I do not know whether the right hon. Gentleman remembers what we discussed in the previous debate. What was needed was to enable direct labour organisations to contribute to industrialised building. This cannot be done without negotiated contracts. Therefore, this one-in-three rule was the problem. I have not said that there should be no tendering. Indeed, it is essential to have tendering and genuine competition.

Is my right hon. Friend aware that his Measure has been widely welcomed throughout the country and that it will expedite the building of municipal houses which are so essential? Would he take all measures to extend the policy of direct building which brings these results?

What I shall do is to try to enable direct building organisations to contribute as much as they can. They do only 9 per cent. of house building now. In my view, they can do more, and a high proportion of it can be done on industrialised building.

If the right hon. Gentleman is so satisfied that this system will not cause costs to rise, why does he put in the circular itself an appeal to local authorities to devise a new method of keeping a check on them?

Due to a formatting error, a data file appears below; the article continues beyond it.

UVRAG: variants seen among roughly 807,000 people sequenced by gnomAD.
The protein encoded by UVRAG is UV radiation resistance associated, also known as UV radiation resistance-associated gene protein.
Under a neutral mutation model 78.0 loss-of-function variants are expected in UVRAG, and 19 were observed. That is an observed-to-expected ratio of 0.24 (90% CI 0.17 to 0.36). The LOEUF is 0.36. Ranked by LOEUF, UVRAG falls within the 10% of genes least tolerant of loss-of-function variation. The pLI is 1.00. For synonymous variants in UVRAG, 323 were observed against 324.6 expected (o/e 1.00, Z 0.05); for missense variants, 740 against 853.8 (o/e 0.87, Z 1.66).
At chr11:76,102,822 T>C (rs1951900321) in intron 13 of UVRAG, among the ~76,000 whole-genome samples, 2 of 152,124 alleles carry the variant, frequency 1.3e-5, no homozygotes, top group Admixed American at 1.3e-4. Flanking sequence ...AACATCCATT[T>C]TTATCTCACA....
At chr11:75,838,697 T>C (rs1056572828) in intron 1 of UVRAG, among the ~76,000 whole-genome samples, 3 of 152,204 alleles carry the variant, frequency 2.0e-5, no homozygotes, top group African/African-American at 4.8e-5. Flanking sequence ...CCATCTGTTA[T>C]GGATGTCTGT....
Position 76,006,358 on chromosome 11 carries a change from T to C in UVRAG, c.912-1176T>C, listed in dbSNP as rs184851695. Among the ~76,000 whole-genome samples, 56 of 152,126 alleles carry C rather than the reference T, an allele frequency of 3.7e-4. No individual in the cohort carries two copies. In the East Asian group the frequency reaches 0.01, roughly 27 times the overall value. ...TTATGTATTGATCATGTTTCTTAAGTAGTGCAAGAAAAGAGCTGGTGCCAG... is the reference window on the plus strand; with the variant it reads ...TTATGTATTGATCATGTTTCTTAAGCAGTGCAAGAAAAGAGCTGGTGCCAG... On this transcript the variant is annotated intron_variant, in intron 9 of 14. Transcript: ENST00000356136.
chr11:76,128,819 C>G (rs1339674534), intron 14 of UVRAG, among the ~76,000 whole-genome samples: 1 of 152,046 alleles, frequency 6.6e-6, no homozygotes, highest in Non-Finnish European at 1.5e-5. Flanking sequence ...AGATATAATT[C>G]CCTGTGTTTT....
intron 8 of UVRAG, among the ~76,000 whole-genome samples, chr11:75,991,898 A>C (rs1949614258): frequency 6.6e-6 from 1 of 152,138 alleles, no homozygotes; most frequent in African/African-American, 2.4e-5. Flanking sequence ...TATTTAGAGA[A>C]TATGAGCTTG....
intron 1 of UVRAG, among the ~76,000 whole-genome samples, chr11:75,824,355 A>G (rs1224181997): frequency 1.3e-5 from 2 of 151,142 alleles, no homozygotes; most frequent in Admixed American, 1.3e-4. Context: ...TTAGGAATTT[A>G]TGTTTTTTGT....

It was because I was convinced that the innovation of the one-in-three rule was easy for the inefficient to evade and merely an obstacle to the efficient that I removed it. I want to insist on efficiency in these organisations and ensure that they do things properly and test their efficiency.

Is my right hon. Friend aware that this does not give direct labour an advantage over private enterprise? All that it does is to bring it into line with private enterprise procedure which we have had in the past.

That is a perfectly fair comment. It is brought into line in negotiating for industrialised building contracts.

Houses (Building Standards)


asked the Minister of Housing and Local Government ii he will make a statement on the progress of the discussions between the National House-Builders' Registration Council and the Council of the Building Societies Association aimed at ensuring that houses for owner-occupation are built to acceptable standards.

My right hon. Friend is keeping in touch with these discussions, but he is not yet ready to make a statement.